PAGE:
The California Redistricting Commission

Op-Ed: Fair and independent redistricting? Los Angeles County does it already, and better By David Corn

April 29, 2008, 2:17 PM EDT


Oh, the pain!


Los Angeles County does it already, and better

by David Corn

April 29, 2008

So you might have heard that County Executive Steve Westly, who is facing a recall fight, has proposed legislation to establish a new five-member redistricting commission. It would be comprised of three current, four newly elected members and the former chair and chair emeritus of the County Democratic Central Committee.

It’s not clear that this represents what many voters expected, because all three current commissioners, Steve Preckwinkle, Zev Yaroslavsky, and Steve Soboroff, voted against the Westly/Harris plan, which sought to replace the nonpartisan Board of Supervisors with three non-voting district representatives. But as I’ve noted a couple of times, the Westly/Harris plan doesn’t have much to recommend it.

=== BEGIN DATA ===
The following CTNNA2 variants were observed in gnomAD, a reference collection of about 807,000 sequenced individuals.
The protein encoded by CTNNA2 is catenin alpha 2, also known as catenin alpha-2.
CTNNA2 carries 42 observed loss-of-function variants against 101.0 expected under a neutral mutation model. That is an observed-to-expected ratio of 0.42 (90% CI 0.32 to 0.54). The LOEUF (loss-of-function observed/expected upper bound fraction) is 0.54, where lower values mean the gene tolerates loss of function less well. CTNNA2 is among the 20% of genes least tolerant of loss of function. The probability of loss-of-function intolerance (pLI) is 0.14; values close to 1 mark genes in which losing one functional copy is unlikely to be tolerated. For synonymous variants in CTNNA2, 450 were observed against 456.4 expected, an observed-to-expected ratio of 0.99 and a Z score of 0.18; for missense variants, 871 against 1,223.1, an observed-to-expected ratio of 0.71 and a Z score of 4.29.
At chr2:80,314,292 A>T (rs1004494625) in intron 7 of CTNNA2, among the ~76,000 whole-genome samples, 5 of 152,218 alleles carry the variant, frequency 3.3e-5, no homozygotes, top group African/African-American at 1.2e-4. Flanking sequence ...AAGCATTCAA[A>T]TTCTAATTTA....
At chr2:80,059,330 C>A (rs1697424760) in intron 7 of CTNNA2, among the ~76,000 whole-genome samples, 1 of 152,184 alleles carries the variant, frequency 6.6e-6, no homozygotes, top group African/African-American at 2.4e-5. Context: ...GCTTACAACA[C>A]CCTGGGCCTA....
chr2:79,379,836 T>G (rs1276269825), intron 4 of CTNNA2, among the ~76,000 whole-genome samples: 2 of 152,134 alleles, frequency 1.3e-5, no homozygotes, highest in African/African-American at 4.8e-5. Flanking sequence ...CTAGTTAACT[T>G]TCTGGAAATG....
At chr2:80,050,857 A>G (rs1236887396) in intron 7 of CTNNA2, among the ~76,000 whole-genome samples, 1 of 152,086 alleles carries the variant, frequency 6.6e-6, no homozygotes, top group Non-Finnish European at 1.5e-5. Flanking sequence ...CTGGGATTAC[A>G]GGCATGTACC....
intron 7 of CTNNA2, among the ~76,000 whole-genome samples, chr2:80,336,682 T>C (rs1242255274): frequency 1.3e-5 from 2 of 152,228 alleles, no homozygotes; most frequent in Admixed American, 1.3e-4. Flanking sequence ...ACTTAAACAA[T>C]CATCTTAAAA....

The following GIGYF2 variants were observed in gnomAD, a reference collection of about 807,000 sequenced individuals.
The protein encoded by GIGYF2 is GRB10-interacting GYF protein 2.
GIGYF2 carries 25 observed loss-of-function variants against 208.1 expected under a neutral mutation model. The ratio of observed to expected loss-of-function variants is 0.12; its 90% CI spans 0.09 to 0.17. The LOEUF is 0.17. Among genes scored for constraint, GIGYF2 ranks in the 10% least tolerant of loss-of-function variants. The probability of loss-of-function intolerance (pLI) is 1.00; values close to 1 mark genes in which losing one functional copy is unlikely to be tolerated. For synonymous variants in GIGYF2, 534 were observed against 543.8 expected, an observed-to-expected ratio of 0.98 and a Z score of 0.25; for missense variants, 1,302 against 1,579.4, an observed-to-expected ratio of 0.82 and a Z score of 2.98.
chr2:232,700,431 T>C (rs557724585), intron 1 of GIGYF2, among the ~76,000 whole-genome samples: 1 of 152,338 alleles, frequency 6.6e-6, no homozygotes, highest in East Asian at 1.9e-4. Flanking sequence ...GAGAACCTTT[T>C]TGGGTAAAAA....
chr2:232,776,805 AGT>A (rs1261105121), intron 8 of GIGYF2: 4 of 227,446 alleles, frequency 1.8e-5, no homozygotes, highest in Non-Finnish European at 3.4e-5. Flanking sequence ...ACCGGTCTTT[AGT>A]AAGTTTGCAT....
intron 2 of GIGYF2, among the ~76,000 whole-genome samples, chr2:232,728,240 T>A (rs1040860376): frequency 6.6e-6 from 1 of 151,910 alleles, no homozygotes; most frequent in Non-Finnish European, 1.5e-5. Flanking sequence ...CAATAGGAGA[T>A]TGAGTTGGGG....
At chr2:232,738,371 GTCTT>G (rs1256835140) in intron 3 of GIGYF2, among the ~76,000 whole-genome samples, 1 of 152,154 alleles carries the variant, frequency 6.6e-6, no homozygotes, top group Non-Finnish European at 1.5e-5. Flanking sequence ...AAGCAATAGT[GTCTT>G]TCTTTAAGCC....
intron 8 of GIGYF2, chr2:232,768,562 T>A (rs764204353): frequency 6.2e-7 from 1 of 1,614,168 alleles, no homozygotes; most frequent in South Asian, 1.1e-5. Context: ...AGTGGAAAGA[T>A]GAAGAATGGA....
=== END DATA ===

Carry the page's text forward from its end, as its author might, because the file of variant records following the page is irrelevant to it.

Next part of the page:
Nonetheless, it’s an interesting idea. There are already some measures to limit election-year political campaigns in California. And we can go with the flow here. Voters are elected, and a lot of their choices are elected, through the primary process. And after the primary, voters still have the option of casting a second vote against a candidate who didn’t get a majority of votes in the first. However, there’s a process in place to try to minimize the extent of that second vote. And Westly’s proposal is intended to reduce the opportunity for ballot-box gerrymandering, since it would likely result in a lower number of voters deciding who to vote for.

Even in places like California, which is often seen as a model of meritocracy, where all citizens are allowed to attend law school, only a small percentage of students actually end up attending the

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